Can you hear me back there? OK. I'm going to call the committee to order. This is a first meeting of the separate Transport Appropriations Committee, and we're not meeting with the Senate any more, and it seems like we've only got one forward in the house today. We do have one forward here. He doesn't attend us, so thank you Representative Ford for being here. I hope we will gather a few others, they have Bills in other committees, I know Representative Tine has got a Bill of finance. So they're in other committees representing Bills and they'll be here when they finish I hope because we've got to get information today. I want to recognize folks that help us every day. We appreciate Sergeant at Arms Carlton Adams Joe Orton[sp?], and Martha Gederson[sp?] We have two pages today from the House. We have Walton Clare McCarrick, Wilson County, Representative Susan Martin, in the back there, and Mr. Matthew Parker, Forsyth County, Representative Evelyn Terry. OK, we've got a very simple agenda today. We're going to hear from  Fiscal Research Division staff Amna Cameron, who is always a help to our committee ever since I've been here, at least five years if not ten. It's five for me, ten for her probably, but Miss Cameron is going to present a review of legislative directives, and then we're going to hear two presentations on the technical services and highways from Mr. Rochelle and Mr. Olders[sp?] So, Miss Cameron are you ready? Thank you Mr. Chair, co-chairs, members of the committee my name is Ana-lee Cameron and the purpose of this presentation is to review where DUT stands so far this fiscal year and meeting key legislative directives. I focused on two provisions of the 2014 budget, one is the provision that established the pavement preservation in the highway maintenance improvement program and so, on tomorrow that'd be HMIP which I've always referred to as the maintenance TIP and that will be released as will be needs assessment report and DUT I expect will be compliant with both of those initiatives. Next it required contract reservicing contracts to be ledged[sp?] in the quickly following the start of the fiscal year. The requirements that were set forth were meant to face in this process next year, these requirements become much more stringent in that percent or funds are required to be release within the first three months but BUT made these goals. The industry on the next one gives BUTNA on reaching out to the industry and issuing trainings and workshops to build the pavement preservation industry, so that outsourcing goals in the future can be met. Lastly this provision required DUT to turn these $65 million that was appropriated, into an ISO lane mile width, beauty is pretty far from performing this now, but it doesn't mean that they can't meet the goal by the end of this fiscal year if they do significant they can't pay this, and as you can see in the first X those two are tied together at 65 million million and all that $65 million DUT will have to outsource 20% this year. Where you are now is the DUT has expended only 7.6 million of that $65 million. And this would be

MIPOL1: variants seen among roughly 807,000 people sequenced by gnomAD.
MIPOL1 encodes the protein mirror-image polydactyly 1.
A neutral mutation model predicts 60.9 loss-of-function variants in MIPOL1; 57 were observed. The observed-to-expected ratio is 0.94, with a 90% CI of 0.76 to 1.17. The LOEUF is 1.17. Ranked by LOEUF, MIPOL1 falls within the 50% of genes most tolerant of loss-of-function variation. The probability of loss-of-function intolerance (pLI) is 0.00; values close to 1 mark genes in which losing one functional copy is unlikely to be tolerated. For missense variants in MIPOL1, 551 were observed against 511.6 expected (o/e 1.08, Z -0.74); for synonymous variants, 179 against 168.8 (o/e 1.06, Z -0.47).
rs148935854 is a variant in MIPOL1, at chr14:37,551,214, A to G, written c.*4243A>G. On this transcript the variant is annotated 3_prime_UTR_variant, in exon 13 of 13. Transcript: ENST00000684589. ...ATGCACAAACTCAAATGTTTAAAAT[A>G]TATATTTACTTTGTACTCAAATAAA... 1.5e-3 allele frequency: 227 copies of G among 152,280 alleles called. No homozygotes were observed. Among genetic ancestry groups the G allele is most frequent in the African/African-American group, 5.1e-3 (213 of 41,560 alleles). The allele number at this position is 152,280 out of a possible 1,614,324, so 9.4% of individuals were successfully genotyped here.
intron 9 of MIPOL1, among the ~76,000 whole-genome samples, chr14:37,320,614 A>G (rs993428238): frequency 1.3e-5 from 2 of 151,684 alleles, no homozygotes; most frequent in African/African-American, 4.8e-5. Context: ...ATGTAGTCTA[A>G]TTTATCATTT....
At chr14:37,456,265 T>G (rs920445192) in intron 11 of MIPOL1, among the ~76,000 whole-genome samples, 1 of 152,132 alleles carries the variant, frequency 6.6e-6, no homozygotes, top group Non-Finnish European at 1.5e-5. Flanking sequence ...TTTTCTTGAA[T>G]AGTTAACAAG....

equivalent to about five hundred to six hundred lane miles and next, section 34.13 continued a four year trained for outsourcing limits for pre construction in technical services, Elisha Rochelle will be discussing this in his presentation sum. And this has a lot more areas where DUT is currently not in compliance, they released a report that you should have received yesterday that indicates the latest figures for their compliant, the first is an overall goal for all of the units within pre construction and technical services and DUT is at 58% of the 70% goal, hi, I think that would be difficult for them to meet and three month period they went from 56% 56.2 to the 58.3 that you see, world way design, they made a lot of progress in the last three months this was 22% on the last quarterly report and so that if you can see a 10% gain there so that will be a close one by the end of this fiscal year. Next is Pedia, and you can see they're very close to meeting that goal so one would assume that they will be able to meet that by the end of the fiscal year and there in compliance with the right of way, lastly in order to accomplish some of these goals that would have required reductions in force our DOT has identified 81 positions for elimination that would be necessary to meet the legislative directive bust so far they have not been any risk that have occurred. Any questions from the committee, Miss Cameron, I've got one. This goal we're discussing on June 30th goals. That's right, OK. Any other questions from the committee? Mind you, when you do have the questions punch the little red button, there is a green button there and they can hear you for the record. OK, I had a question on the department from secretary Tennison Terry will make a comment and you may come forward if you like. Thank you. Nick Anderson, Chief Deputy Secretary in CDOT, Abner has done a very good job of holding our feet to the fire and reporting to us on those occasions when we seem to have our energy flag on trying to meet the mandate of legislation. I just want you to know that one of the things that has happened as a result of recent reorganizations where we have moved to several of these divisions in our department has been re-examine from different perspective the whole question of the goal, and I want to assure you that we're moving toward if not almost achieving 100% outsourcing of those aspects of the planning and environmental portions of the projects. The pre-construction projects, for all the new projects that we're beginning to put into the pipeline, one of the challenges we got is that the calculation, numerator, denominator involves money expended, the denominator involves some none out source-able aspects of the department's operation. We're setting up as we wait to try to make sure that we are having a clear communication about the pentagon registration, the gold registration we are trying to make sure that we talk to the chairs first to go into that scheduling those meetings very soon, and then perhaps we can get to a point where we're all working at exactly the same mission in this and understanding what the outcome is we are trying to achieve, I would also add that, that we are embarking on the process of the race that we have identified so far to a move us closer to those goals. They as to the paving I think M-Net has presented they are accurately the likelihood that we will be able to use the new paving season which is just beginning to make some real progress on those goals. Thank you sir.